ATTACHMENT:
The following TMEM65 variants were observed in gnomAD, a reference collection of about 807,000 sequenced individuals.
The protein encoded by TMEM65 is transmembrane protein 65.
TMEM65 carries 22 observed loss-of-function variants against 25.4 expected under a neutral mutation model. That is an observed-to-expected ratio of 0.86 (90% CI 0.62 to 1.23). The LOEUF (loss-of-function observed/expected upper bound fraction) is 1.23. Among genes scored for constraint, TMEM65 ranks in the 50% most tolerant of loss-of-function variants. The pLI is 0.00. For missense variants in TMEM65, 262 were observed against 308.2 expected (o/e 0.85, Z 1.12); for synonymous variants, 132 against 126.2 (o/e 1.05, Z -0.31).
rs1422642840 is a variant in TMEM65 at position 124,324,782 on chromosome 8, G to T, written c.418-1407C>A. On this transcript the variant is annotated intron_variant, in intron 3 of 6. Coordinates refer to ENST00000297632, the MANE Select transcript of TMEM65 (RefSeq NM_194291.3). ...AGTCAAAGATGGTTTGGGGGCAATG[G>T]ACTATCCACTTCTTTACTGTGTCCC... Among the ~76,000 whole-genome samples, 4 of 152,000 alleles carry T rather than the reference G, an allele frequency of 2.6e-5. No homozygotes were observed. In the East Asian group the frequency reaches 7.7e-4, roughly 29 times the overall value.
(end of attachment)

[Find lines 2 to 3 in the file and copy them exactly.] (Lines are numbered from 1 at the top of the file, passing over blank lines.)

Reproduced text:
The protein encoded by TMEM65 is transmembrane protein 65.
TMEM65 carries 22 observed loss-of-function variants against 25.4 expected under a neutral mutation model. That is an observed-to-expected ratio of 0.86 (90% CI 0.62 to 1.23). The LOEUF (loss-of-function observed/expected upper bound fraction) is 1.23. Among genes scored for constraint, TMEM65 ranks in the 50% most tolerant of loss-of-function variants. The pLI is 0.00. For missense variants in TMEM65, 262 were observed against 308.2 expected (o/e 0.85, Z 1.12); for synonymous variants, 132 against 126.2 (o/e 1.05, Z -0.31).